Pgh mayoral candidate Ed Gainey joins calls for city to enact an eviction moratorium

By: - February 18, 2021 4:04 pm

State Rep. Ed Gainey, D-Allegheny, scored an upset win in Tuesday’s Democratic primary over incumbent Mayor Bill Peduto (Pittsburgh City Paper photo).

By Ryan Deto

PITTSBURGH —  Coronavirus cases have stopped spiking in Allegheny County, but there are still regularly hundreds of new cases a day. And even as the pandemic rages on, evictions are still occurring, leaving people without homes this winter. Pittsburgh City Councilor Deb Gross said during a council meeting on Tuesday that over 100 families are currently facing eviction proceedings in Pittsburgh.

Tenant advocates and city council candidate Bethani Cameron are calling for the city to enact an eviction moratorium to address this issue, especially during this time period when people haven’t yet received their second coronavirus stimulus payment. And now state Rep. Ed Gainey, D-Allegheny, is joining the chorus.

Gainey, who is seeking the Democratic nomination for Pittsburgh mayor, is calling on City Council and incumbent Democratic Mayor Bill Peduto to amend the city’s emergency declaration to include an eviction moratorium.

The city of Harrisburg created an eviction moratorium for nonpayment of rent in January. In a statement, Gainey says the Pittsburgh has the legal authority to do the same, adding that it’s “a moral obligation to protect the health and safety” of Pittsburgh’s residents.

“The [mayoral] administration and city council must follow the lead of cities like Harrisburg and take swift action to incorporate an eviction moratorium into the City’s COVID-19 Emergency Declaration,” Gainey said.

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Peduto’s spokesperson, Tim McNulty, says the mayor believes renters need protection during the pandemic, and Peduto is doing so by working with city council to enact a policy that would essentially act as an eviction moratorium.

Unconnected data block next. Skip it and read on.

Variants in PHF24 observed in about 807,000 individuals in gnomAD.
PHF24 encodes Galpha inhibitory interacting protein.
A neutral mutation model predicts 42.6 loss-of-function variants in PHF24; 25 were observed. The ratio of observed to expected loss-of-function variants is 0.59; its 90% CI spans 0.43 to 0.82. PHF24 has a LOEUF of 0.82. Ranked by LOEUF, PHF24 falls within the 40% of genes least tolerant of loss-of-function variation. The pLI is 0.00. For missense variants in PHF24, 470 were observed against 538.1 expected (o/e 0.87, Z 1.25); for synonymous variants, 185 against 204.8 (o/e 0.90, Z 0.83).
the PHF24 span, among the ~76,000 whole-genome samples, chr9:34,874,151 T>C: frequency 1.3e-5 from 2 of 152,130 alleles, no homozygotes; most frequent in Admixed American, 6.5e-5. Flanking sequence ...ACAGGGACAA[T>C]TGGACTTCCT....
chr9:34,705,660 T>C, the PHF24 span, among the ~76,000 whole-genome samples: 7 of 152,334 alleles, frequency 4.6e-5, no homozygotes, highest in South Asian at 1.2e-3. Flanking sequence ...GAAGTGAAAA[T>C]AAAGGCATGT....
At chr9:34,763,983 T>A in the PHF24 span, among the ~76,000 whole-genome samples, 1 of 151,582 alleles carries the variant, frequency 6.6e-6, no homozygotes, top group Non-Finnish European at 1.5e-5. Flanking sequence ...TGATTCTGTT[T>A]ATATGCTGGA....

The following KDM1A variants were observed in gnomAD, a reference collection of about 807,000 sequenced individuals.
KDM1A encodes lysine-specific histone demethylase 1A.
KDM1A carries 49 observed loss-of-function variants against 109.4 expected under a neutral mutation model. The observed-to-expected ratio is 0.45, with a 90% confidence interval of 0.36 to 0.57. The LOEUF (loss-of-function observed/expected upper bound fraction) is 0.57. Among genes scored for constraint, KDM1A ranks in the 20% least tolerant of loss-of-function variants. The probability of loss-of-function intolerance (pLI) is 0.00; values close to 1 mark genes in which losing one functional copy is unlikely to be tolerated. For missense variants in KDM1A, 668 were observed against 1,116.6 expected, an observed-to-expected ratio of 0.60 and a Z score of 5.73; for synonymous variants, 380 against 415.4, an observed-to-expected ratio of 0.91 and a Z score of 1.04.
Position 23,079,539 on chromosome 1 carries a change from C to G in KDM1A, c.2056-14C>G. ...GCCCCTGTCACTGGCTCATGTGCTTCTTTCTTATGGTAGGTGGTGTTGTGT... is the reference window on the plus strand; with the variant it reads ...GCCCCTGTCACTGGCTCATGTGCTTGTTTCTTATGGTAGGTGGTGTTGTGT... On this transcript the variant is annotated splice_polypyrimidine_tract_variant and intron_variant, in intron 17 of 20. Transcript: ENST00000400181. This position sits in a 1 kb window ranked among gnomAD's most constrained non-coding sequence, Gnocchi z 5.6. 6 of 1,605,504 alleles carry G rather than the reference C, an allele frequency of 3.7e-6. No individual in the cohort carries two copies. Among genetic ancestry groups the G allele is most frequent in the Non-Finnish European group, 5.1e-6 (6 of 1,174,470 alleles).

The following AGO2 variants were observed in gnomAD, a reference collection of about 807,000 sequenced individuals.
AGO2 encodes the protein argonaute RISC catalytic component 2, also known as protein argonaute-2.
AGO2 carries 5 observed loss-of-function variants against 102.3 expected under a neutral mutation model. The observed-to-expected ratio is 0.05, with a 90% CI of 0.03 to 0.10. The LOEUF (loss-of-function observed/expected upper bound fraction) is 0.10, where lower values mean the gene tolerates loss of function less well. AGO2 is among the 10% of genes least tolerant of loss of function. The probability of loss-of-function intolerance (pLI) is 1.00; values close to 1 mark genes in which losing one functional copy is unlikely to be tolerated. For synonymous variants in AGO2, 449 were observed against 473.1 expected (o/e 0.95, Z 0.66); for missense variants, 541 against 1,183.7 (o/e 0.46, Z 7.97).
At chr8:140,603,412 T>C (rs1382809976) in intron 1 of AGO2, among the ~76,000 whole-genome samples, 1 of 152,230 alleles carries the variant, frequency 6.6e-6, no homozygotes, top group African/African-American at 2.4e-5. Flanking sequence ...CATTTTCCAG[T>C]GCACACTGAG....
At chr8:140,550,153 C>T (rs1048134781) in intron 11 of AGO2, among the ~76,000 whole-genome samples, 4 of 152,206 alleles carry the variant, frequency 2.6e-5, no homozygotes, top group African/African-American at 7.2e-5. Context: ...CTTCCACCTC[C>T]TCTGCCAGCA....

“Mayor Peduto’s priority is protecting housing-insecure neighbors during the pandemic through strong eviction moratoriums at the local, county, state, and federal levels,” McNulty said in a statement. “Instead of debating emergency orders, the Peduto administration is working cooperatively with Council members and the city’s lawyers to swiftly find a legitimate legal path that will actually protect people.”

On Feb. 17, Pittsburgh City Council President Theresa Kail-Smith said city council wants to do something to stop evictions during this gap in between stimulus funds, but doesn’t currently support amending the city’s emergency declaration.

Kail-Smith said she spoke with the city’s law department who said there are concerns over how the eviction ban would be enforced, and told Pittsburgh City Paper the city is hoping to have a policy to roll out this week that would work similarly to an eviction ban, using the city’s police department.

Tenant advocates believe Pittsburgh can amend its emergency declaration to add in an eviction moratorium without issue, noting that Harrisburg has not been subject to lawsuits, and constables, who dole out eviction notices, are cooperating.

Gainey, who is a co-sponsor of a bill in the state House that would establish a statewide eviction moratorium, agrees that Pittsburgh can take immediate action by amending its emergency declaration.

“Confronted with an affordable housing crisis, a deadly global pandemic, freezing temperatures, and near-record snow falls, Pittsburgh renters urgently need protection from eviction while we await the passage of a relief package in Washington,” Gainey said.

Ryan Deto is a reporter for Pittsburgh City Paper, where this story first appeared

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